Review: Maria Semple’s ‘Where’d You Go, Bernadette’
The Aspen Times
Aspen CO Colorado
ASPEN – For her second novel, Maria Semple had planned on examining the small town she grew up in. Semple, a comedy writer who has worked on the TV shows “Arrested Development” and “Mad About You,” abandoned that idea to write a novel set in the big city where she currently lives.
That decision makes me sigh, both in relief and disappointment. While I shudder to think about the ghosts and tragic flaws Semple would have unearthed from her hometown, I couldn’t wait to see how Semple’s satirical eye landed on that uniquely quirky place where she was raised – Aspen.
Instead of Aspen, it is Seattle that gets skewered in “Where’d You Go, Bernadette.” Semple moved to the Pacific Northwest several years ago seeking refuge from Los Angeles, but that doesn’t mean that the Emerald City gets a free pass from Semple’s sharp, satirical eye. Semple’s first novel, “This One Is Mine,” roasted L.A. with piercing wit, and Seattle gets the same treatment, one that starts out with cold venom but eventually – and surprisingly and gracefully – finds warmth and affection in that place she set out to lambaste.
Bernadette Fox is a fallen genius, a brilliant architect who left her career behind in a rage of professional disillusionment, personal frustration and familial circumstance – namely, her daughter, Bee. Bernadette takes out her all-consuming anger on Seattle – or at least the slice of Seattle she is forced to contend with, the aspirational, left-lurching, environmentally correct, multicultural community centered around the private Galer Street School. Long retired from architecture, unconcerned about the blackberry-bush roots that have invaded her house, content to allow her husband, Elgie, to bury himself in his high-profile Microsoft job, Bernadette has plenty of time to focus on the irritations peculiar to Seattle: the rain, the influx of Canadians, the greener-than-thou posturing. And the most unavoidable irritant of all, the “gnats” – the parents of 15-year-old Bee’s Galer Street classmates.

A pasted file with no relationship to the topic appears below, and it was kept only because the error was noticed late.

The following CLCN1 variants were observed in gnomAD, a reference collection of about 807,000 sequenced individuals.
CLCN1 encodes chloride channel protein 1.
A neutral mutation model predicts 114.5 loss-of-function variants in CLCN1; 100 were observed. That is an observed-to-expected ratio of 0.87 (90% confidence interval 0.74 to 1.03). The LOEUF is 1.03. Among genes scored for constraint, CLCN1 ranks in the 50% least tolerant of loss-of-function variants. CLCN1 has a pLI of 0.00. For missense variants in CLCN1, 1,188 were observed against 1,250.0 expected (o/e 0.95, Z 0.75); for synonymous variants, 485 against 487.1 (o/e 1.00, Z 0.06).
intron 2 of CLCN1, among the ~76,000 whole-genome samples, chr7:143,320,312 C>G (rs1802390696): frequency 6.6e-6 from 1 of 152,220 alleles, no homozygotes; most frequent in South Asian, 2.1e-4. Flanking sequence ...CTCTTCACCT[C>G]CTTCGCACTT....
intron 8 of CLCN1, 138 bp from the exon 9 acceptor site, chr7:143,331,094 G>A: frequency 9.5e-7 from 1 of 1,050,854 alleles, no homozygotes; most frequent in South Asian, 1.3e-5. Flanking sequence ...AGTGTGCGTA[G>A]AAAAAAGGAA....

Semple’s ear for satirizing this world is sharp and scathingly funny; she could probably turn her novel into a stand-up act. And her device for telling the story – an assemblage of emails, doctor’s reports, transcripts of presentations, and Bernadette’s correspondence to the personal assistant in India who handles everything down to dinner reservations – adds a layer to the humor: We get to hear the gnats, the Microsofties, the school administrators, in their own self-satisfied voices.
When the mudslinging really kicks in – Bernadette has her blackberry bushes removed, causing a literal mudslide into the home of one of the gnats – Bernadette’s mental condition begins to slide, too. That trip she promised Bee, to Antarctica – no way she can deal with that. Nor can she simply admit to Bee that she’s too fragile for such an adventure. So Bernadette simply vanishes, and the book takes a wild turn, from the gloom of the Northwest to the cruise ships and ice near the southern tip of the planet.
As with “This One Is Mine,” Semple works here in emotional misdirection. Bernadette’s bitter take on the world builds and builds. But there are simultaneous flashes of her intelligence and her devotion to Bee, and we begin to ponder: Between Bernadette and the rest of the world, could Bernadette actually be the more sane one? Still, the dysfunction, isolation and rage pile up so high that we don’t see the sweetness, compassion and parental affection coming. What began as just a satirical jab at Seattle becomes a fuller story of the whole big tangle of emotions.
And now that Semple has had her way with Seattle, I’m ready to see what she’s got to say about Aspen. At least, I think I’m ready.
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